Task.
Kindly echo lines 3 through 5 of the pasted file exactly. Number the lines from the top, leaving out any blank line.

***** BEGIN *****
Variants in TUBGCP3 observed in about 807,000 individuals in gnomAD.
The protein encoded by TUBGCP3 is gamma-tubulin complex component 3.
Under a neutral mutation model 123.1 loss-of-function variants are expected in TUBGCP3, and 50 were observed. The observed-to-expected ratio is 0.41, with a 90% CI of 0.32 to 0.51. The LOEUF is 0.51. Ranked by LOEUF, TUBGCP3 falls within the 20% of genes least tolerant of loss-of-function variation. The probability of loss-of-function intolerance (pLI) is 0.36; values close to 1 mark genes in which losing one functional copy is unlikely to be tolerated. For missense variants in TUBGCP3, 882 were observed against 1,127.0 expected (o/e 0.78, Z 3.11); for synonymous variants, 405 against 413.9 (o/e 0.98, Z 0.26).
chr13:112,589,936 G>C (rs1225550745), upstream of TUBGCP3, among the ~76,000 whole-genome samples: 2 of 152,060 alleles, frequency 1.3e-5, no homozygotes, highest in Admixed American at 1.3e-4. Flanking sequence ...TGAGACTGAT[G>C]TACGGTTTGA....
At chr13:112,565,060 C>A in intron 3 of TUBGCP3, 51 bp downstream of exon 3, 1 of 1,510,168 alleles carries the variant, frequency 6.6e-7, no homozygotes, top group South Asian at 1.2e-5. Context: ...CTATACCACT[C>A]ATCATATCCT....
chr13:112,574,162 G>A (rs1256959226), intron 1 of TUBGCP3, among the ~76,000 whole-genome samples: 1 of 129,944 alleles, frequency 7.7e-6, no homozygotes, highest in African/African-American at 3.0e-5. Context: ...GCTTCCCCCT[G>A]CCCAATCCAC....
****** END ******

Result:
Under a neutral mutation model 123.1 loss-of-function variants are expected in TUBGCP3, and 50 were observed. The observed-to-expected ratio is 0.41, with a 90% CI of 0.32 to 0.51. The LOEUF is 0.51. Ranked by LOEUF, TUBGCP3 falls within the 20% of genes least tolerant of loss-of-function variation. The probability of loss-of-function intolerance (pLI) is 0.36; values close to 1 mark genes in which losing one functional copy is unlikely to be tolerated. For missense variants in TUBGCP3, 882 were observed against 1,127.0 expected (o/e 0.78, Z 3.11); for synonymous variants, 405 against 413.9 (o/e 0.98, Z 0.26).
chr13:112,589,936 G>C (rs1225550745), upstream of TUBGCP3, among the ~76,000 whole-genome samples: 2 of 152,060 alleles, frequency 1.3e-5, no homozygotes, highest in Admixed American at 1.3e-4. Flanking sequence ...TGAGACTGAT[G>C]TACGGTTTGA....
At chr13:112,565,060 C>A in intron 3 of TUBGCP3, 51 bp downstream of exon 3, 1 of 1,510,168 alleles carries the variant, frequency 6.6e-7, no homozygotes, top group South Asian at 1.2e-5. Context: ...CTATACCACT[C>A]ATCATATCCT....